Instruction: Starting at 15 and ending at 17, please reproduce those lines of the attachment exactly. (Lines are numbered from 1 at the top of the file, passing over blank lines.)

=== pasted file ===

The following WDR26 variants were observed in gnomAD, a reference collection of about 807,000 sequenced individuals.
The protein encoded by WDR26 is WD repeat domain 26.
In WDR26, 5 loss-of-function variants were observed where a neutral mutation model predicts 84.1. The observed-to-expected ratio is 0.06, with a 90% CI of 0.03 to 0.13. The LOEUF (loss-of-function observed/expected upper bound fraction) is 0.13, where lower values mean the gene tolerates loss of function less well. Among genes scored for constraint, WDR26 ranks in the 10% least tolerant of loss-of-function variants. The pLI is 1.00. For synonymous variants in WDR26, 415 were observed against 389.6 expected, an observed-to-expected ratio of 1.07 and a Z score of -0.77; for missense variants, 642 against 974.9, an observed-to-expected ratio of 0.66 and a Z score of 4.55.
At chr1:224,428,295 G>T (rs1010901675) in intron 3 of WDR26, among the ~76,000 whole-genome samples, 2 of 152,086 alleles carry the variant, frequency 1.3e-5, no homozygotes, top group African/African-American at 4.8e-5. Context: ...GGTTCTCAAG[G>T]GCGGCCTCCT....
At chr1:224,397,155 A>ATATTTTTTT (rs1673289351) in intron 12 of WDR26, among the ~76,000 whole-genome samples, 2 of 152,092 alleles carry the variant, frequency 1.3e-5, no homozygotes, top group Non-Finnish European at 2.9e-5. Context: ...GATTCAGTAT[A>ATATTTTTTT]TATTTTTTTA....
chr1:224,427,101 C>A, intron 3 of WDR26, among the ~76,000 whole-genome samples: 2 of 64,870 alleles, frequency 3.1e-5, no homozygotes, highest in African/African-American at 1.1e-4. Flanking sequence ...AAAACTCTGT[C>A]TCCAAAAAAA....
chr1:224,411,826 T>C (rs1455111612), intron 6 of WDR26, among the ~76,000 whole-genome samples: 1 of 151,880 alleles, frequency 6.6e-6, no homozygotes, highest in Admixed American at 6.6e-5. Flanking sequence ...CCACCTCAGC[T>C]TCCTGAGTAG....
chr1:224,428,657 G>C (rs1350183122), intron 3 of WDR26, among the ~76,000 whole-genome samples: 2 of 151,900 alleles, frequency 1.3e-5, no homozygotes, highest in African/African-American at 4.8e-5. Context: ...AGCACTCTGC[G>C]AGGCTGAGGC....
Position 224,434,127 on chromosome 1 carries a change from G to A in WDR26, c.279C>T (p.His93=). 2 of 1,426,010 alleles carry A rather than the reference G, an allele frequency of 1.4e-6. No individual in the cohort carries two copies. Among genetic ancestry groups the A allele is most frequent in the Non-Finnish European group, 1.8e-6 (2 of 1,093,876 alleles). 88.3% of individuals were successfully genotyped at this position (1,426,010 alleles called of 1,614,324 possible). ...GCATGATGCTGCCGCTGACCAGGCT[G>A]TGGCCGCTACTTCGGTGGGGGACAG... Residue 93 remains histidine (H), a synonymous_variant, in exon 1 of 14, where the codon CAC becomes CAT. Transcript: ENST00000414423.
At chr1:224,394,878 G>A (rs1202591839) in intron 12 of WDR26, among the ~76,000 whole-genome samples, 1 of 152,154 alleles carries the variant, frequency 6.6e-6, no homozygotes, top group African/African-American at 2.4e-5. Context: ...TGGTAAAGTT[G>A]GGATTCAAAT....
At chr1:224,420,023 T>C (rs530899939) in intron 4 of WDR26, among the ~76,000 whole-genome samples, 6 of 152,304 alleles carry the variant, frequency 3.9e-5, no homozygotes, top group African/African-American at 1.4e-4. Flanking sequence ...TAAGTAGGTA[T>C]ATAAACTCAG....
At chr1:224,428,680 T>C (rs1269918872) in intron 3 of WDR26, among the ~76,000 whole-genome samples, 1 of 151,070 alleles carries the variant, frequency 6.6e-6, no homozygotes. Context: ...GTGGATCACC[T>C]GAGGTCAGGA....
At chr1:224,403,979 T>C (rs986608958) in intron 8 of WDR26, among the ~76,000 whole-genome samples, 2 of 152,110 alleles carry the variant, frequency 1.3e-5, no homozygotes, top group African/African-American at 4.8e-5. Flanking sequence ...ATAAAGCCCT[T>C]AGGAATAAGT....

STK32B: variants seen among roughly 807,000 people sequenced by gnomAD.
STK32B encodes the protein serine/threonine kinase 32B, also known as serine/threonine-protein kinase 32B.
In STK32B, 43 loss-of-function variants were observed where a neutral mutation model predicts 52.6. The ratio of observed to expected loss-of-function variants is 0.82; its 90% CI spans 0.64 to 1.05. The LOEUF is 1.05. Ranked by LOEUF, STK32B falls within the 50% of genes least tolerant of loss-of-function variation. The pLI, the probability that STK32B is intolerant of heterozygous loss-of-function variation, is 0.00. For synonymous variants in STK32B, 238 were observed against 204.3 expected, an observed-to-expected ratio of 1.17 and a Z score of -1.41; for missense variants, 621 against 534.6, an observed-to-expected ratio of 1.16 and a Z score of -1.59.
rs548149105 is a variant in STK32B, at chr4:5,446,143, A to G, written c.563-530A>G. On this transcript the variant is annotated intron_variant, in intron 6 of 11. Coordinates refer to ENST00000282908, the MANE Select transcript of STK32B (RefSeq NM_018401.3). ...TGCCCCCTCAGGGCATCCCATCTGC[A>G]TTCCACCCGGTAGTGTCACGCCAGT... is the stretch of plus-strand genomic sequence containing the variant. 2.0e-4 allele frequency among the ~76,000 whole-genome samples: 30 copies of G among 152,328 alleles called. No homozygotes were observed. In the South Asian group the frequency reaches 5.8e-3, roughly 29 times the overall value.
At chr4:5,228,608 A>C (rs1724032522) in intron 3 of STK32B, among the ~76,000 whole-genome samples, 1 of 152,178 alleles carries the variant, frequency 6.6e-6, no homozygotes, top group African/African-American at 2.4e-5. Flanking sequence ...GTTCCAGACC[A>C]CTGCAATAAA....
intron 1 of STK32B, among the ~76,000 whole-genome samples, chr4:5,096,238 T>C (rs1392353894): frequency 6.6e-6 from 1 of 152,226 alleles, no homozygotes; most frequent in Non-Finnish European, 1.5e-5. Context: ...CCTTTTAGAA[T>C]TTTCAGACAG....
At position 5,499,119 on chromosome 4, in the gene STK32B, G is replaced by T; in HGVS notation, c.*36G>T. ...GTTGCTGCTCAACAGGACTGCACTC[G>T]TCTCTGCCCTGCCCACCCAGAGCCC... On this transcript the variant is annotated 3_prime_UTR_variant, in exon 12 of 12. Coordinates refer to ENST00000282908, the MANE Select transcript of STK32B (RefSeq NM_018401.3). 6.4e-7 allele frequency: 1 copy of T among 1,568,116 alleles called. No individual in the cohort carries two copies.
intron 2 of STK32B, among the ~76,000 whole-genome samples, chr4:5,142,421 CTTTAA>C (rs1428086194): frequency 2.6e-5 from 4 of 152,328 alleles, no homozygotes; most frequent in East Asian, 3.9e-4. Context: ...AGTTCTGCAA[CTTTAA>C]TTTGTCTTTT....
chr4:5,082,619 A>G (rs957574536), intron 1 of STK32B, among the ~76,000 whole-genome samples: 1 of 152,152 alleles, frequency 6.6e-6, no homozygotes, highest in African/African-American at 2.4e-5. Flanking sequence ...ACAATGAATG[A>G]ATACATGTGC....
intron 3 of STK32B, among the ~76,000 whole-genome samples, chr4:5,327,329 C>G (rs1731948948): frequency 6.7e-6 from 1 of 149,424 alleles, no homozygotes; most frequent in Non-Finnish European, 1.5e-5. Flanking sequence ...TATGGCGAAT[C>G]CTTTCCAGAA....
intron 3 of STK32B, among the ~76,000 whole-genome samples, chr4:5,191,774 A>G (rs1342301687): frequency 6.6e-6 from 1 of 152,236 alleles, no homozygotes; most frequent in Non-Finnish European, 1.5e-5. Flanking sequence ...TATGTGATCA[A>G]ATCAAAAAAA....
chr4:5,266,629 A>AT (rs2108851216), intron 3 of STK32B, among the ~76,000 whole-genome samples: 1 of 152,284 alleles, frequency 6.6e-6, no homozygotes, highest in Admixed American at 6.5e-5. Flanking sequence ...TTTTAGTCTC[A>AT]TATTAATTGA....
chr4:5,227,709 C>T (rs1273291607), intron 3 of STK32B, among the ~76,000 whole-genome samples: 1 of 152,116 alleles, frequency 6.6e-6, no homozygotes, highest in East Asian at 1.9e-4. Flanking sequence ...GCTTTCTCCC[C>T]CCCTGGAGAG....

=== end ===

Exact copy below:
STK32B encodes the protein serine/threonine kinase 32B, also known as serine/threonine-protein kinase 32B.
In STK32B, 43 loss-of-function variants were observed where a neutral mutation model predicts 52.6. The ratio of observed to expected loss-of-function variants is 0.82; its 90% CI spans 0.64 to 1.05. The LOEUF is 1.05. Ranked by LOEUF, STK32B falls within the 50% of genes least tolerant of loss-of-function variation. The pLI, the probability that STK32B is intolerant of heterozygous loss-of-function variation, is 0.00. For synonymous variants in STK32B, 238 were observed against 204.3 expected, an observed-to-expected ratio of 1.17 and a Z score of -1.41; for missense variants, 621 against 534.6, an observed-to-expected ratio of 1.16 and a Z score of -1.59.
rs548149105 is a variant in STK32B, at chr4:5,446,143, A to G, written c.563-530A>G. On this transcript the variant is annotated intron_variant, in intron 6 of 11. Coordinates refer to ENST00000282908, the MANE Select transcript of STK32B (RefSeq NM_018401.3). ...TGCCCCCTCAGGGCATCCCATCTGC[A>G]TTCCACCCGGTAGTGTCACGCCAGT... is the stretch of plus-strand genomic sequence containing the variant. 2.0e-4 allele frequency among the ~76,000 whole-genome samples: 30 copies of G among 152,328 alleles called. No homozygotes were observed. In the South Asian group the frequency reaches 5.8e-3, roughly 29 times the overall value.